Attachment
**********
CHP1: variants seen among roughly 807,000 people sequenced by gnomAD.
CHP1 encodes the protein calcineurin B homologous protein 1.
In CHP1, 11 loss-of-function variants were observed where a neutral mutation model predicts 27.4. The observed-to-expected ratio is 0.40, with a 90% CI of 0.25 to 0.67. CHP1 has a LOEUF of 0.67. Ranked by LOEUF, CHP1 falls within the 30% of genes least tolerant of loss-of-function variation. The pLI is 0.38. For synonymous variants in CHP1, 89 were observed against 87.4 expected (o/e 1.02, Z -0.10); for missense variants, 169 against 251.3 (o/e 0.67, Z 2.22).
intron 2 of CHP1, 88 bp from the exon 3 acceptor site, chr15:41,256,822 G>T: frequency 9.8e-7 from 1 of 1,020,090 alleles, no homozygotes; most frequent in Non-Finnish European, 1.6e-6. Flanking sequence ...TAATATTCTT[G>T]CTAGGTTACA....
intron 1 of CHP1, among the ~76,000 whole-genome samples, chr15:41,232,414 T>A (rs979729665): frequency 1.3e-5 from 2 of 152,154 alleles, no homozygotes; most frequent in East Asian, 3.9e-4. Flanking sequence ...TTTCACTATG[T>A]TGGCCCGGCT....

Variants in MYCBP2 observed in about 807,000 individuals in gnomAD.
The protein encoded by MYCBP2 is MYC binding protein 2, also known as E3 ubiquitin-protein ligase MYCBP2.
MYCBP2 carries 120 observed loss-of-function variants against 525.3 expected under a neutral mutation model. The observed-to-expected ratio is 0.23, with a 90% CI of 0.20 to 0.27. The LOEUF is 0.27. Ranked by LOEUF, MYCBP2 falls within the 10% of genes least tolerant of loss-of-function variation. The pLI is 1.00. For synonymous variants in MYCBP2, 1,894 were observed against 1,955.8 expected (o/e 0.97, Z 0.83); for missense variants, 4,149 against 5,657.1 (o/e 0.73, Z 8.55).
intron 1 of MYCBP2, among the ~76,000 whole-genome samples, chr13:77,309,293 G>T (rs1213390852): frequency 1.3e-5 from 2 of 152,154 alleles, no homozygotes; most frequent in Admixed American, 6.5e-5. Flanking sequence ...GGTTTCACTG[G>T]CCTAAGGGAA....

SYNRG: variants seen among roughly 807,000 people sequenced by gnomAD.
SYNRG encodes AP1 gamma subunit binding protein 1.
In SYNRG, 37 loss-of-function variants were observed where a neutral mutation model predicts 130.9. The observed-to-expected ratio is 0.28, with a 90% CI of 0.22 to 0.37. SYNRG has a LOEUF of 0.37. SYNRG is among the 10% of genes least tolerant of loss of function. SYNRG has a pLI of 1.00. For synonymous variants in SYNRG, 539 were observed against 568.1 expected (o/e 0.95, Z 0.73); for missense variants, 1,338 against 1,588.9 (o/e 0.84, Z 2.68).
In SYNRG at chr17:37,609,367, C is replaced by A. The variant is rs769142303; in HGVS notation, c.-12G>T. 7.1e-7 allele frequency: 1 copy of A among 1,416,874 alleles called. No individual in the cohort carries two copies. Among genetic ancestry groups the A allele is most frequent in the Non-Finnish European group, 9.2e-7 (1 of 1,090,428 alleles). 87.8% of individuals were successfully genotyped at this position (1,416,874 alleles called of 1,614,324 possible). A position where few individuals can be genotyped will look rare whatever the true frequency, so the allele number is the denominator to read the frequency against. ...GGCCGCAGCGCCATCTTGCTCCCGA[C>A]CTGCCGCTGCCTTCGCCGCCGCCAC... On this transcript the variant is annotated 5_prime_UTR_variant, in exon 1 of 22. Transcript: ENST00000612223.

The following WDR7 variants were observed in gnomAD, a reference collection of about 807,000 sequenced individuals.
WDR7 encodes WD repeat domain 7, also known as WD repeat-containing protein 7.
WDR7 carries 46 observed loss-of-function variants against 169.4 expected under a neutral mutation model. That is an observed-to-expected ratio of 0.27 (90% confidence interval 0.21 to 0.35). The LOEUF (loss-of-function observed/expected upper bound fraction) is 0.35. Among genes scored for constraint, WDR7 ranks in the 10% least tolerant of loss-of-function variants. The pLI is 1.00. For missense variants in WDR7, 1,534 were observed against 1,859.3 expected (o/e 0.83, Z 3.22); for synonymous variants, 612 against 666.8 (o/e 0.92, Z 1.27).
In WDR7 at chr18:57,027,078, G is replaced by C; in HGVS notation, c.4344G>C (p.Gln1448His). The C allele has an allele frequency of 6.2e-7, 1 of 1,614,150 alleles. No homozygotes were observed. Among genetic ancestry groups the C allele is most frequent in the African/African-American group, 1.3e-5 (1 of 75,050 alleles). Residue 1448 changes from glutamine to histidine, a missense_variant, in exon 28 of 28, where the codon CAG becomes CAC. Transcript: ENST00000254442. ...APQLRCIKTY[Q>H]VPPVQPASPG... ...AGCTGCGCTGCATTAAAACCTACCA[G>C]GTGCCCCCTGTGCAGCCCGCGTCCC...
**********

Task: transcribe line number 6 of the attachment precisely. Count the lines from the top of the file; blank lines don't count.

Variants in MYCBP2 observed in about 807,000 individuals in gnomAD.